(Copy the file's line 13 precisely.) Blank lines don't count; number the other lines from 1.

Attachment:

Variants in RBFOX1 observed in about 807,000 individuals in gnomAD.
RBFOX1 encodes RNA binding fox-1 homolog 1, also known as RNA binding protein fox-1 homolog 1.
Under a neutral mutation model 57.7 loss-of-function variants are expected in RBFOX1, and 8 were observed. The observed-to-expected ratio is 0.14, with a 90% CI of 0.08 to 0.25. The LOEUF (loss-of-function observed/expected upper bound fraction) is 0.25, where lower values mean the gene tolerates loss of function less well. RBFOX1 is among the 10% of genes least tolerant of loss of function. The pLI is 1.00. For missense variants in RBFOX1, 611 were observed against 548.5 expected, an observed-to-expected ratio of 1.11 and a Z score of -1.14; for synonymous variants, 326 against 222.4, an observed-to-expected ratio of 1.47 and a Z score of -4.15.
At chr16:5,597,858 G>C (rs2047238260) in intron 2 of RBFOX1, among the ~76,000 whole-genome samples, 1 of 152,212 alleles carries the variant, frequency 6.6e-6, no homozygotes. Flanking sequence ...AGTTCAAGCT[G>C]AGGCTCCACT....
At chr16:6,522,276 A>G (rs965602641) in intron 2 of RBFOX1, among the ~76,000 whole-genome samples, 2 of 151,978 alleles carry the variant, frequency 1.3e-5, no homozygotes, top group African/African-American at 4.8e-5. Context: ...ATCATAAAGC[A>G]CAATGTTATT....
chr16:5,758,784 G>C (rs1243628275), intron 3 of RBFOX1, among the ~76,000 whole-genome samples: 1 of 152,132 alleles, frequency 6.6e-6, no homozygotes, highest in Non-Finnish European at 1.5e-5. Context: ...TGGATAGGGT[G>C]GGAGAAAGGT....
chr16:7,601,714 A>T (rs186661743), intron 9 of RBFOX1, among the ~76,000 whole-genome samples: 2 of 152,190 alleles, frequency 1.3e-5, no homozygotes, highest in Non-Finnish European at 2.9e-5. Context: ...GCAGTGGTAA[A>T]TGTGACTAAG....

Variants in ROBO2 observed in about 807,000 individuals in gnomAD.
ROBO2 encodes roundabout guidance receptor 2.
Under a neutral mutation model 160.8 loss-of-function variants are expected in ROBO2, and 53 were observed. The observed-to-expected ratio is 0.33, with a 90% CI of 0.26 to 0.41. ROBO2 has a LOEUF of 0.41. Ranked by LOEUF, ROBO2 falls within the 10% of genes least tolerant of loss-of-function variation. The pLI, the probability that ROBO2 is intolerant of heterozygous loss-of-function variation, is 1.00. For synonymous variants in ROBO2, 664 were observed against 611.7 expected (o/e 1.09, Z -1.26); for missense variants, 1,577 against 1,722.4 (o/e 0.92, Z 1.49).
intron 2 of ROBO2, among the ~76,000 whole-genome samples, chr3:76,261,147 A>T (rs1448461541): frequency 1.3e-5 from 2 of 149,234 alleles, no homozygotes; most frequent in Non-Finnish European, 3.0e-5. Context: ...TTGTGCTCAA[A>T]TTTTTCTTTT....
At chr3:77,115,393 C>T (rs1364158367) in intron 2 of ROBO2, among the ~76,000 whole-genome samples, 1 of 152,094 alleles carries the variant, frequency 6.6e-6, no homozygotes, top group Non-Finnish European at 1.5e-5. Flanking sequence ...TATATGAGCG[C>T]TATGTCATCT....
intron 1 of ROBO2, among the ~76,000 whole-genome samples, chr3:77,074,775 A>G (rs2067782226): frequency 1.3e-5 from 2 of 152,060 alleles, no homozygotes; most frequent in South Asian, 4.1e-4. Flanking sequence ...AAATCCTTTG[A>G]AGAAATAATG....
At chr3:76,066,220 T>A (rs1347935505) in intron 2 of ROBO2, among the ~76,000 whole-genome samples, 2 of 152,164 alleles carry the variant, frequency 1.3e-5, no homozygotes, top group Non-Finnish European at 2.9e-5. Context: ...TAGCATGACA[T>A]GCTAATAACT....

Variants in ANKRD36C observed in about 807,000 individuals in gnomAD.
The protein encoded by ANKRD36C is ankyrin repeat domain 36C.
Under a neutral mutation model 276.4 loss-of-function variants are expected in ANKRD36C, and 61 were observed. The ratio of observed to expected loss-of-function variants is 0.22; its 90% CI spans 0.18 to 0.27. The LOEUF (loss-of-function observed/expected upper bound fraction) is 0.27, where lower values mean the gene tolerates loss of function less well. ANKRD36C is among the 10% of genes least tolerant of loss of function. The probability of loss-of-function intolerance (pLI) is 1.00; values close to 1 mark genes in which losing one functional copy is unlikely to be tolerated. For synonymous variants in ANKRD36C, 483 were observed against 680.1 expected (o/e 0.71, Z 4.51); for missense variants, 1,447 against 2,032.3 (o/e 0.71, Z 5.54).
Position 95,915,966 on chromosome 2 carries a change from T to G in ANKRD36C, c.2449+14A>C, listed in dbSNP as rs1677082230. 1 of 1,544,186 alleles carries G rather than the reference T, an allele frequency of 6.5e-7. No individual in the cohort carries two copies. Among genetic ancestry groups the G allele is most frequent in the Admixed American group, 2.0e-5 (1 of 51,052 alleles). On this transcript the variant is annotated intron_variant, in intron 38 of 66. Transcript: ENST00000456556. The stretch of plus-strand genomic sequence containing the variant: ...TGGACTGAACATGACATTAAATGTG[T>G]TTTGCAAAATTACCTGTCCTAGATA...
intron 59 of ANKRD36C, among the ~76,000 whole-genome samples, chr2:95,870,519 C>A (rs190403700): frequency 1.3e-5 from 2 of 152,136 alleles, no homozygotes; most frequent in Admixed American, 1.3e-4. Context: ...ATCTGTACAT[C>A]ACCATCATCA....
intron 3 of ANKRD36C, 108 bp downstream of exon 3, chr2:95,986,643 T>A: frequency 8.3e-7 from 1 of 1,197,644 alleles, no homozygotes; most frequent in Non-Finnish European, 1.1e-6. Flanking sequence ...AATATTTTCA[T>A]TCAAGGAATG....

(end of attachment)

intron 1 of ROBO2, among the ~76,000 whole-genome samples, chr3:77,074,775 A>G (rs2067782226): frequency 1.3e-5 from 2 of 152,060 alleles, no homozygotes; most frequent in South Asian, 4.1e-4. Flanking sequence ...AAATCCTTTG[A>G]AGAAATAATG....